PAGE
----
This review of the literature seeks to account for the current state of research from the social sciences. It is structured in four sections. The first exposes the purpose of the article, the problem, the conceptual contextualization, and the great themes that relate green hydrogen to the social sciences. In the Section 2, we present the methodology used for the selection of the sample and review of the articles, to identify and characterize the lines of research and their problems in the third. Finally, we offer future challenges in the field of study.

2. Materials and Methods

The search for this review was accomplished in SCOPUS and Web of Science (WoS), as they have the widest coverage of current and relevant publications [24]. For the choice of search terms, a preliminary exploration of the results was performed by searching for “green hydrogen” in the social sciences areas of WoS and SCOPUS. Subsequently, a qualitative analysis process of the keywords associated with this set of publications was carried out, which allowed the identification of the most frequent terms with the highest semantic density in this field of study.
In this way, the following concepts were selected to describe green hydrogen as a technology: “clean hydrogen”, “green hydrogen”, “green fuel”, “hydrogenation”, “hydrogen production”, “hydrogen energy”, “hydrogen fuel cell”. For the research content, the following terms were chosen: “social practices”, “energy justice”, “risk perception”, “social risk assessment”, “social risk”, “risk assessment”, “qualitative”, “socio-technical”, “social impact”, “opinion*”, “attitude*”, “acceptance”, “governance”, “regulation”, “sociology *”, “vulnerability”, “social innovation”, “energy transition”, “policy”, “place attachment”, “emotion”, “imaginary”, “social representation”, “citizen”, “stakeholder”.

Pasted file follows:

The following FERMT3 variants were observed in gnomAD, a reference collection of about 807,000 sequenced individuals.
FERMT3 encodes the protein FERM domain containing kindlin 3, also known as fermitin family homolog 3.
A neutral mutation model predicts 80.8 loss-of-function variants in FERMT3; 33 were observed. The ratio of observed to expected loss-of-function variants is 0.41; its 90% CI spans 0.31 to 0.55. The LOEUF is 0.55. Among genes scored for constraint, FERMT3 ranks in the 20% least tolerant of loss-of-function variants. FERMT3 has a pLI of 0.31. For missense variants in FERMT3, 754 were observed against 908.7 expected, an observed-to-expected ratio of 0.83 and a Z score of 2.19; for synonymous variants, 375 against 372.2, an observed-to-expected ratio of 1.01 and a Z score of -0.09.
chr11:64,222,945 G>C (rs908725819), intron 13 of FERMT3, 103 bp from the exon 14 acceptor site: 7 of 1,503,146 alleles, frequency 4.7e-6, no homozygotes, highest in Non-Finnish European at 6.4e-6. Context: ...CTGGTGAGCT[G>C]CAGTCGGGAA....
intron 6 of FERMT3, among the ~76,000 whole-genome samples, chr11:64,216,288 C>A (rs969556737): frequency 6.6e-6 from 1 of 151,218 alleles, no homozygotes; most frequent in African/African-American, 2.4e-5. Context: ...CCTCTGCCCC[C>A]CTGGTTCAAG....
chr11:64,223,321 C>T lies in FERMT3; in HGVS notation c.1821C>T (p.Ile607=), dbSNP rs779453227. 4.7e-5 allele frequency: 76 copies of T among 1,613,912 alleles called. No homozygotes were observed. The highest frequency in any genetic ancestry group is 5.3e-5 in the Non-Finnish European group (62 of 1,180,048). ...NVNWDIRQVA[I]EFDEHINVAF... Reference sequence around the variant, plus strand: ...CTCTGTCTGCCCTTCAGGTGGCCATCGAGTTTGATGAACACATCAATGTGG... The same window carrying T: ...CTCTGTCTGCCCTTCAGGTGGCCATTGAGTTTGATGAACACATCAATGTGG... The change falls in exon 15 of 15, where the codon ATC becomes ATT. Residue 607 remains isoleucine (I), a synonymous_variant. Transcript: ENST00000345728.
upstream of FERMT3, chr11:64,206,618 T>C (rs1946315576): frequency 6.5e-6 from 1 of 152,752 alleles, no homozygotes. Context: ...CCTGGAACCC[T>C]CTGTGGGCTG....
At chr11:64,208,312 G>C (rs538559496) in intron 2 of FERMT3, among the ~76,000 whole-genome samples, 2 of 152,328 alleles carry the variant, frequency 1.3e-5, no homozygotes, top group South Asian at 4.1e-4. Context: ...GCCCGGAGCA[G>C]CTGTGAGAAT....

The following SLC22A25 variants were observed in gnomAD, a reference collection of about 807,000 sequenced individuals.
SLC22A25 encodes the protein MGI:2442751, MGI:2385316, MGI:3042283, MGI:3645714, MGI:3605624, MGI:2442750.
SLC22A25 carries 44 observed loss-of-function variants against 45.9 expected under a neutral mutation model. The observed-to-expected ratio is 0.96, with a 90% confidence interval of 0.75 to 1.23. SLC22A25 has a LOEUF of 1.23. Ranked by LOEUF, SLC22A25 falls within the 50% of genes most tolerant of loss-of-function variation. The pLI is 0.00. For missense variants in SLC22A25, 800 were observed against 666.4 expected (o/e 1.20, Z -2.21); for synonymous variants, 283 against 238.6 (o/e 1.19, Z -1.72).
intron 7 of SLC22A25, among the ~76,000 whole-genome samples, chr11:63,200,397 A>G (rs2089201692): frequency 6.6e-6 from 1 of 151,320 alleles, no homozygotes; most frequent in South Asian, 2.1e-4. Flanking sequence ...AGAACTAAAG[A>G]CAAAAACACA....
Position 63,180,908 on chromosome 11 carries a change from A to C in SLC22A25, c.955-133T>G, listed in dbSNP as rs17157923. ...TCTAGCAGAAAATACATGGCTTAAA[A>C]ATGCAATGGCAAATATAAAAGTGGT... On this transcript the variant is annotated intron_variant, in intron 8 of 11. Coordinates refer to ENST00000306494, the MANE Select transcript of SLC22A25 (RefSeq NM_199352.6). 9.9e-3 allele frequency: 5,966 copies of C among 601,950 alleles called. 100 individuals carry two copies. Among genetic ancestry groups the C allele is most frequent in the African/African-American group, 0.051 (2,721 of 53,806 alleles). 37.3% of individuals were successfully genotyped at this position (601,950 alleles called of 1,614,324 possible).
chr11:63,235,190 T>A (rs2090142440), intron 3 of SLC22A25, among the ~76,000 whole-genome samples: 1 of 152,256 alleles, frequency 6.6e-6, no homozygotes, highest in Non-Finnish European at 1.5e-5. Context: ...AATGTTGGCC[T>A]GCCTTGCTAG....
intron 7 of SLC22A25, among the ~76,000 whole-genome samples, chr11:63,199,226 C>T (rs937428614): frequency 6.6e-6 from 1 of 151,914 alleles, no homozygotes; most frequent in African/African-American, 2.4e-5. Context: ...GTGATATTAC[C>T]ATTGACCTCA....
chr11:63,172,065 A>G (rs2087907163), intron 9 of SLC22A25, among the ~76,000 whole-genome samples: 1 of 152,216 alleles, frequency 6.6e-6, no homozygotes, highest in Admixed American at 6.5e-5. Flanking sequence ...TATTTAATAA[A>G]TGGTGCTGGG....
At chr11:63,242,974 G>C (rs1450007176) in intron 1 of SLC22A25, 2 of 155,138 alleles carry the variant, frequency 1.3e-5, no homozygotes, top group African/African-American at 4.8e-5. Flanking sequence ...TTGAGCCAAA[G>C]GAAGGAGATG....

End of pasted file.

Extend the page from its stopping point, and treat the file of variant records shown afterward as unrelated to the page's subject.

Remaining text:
As can be seen in Figure 1, the search command was built by combining both sets of terms, using the Boolean operator OR to separate the concepts within the same group, and AND to combine both sets. In WoS, the search was limited to publications included in the Social Sciences Citation Index (SSCI), while for SCOPUS only the six thematic areas associated with the social sciences were considered. Only articles and reviews were examined. Regarding the time frame, no cut-off points were established, due to the novelty of the field and the lack of clear antecedents about the beginning of research on green hydrogen from the social sciences.
The search returned 427 records. After purging the database, 55 documents were identified in both bases, so the first scrutiny phase was carried out with a total of 372 publications. In this first review stage, those publications that met any of the following exclusion criteria were discarded: (1) be written in a language other than English or Spanish, (2) not be articles or reviews, or (3) focus on a research topic that did not correspond to an approach to green hydrogen from the social sciences. A set of 83 documents was selected after this first analysis.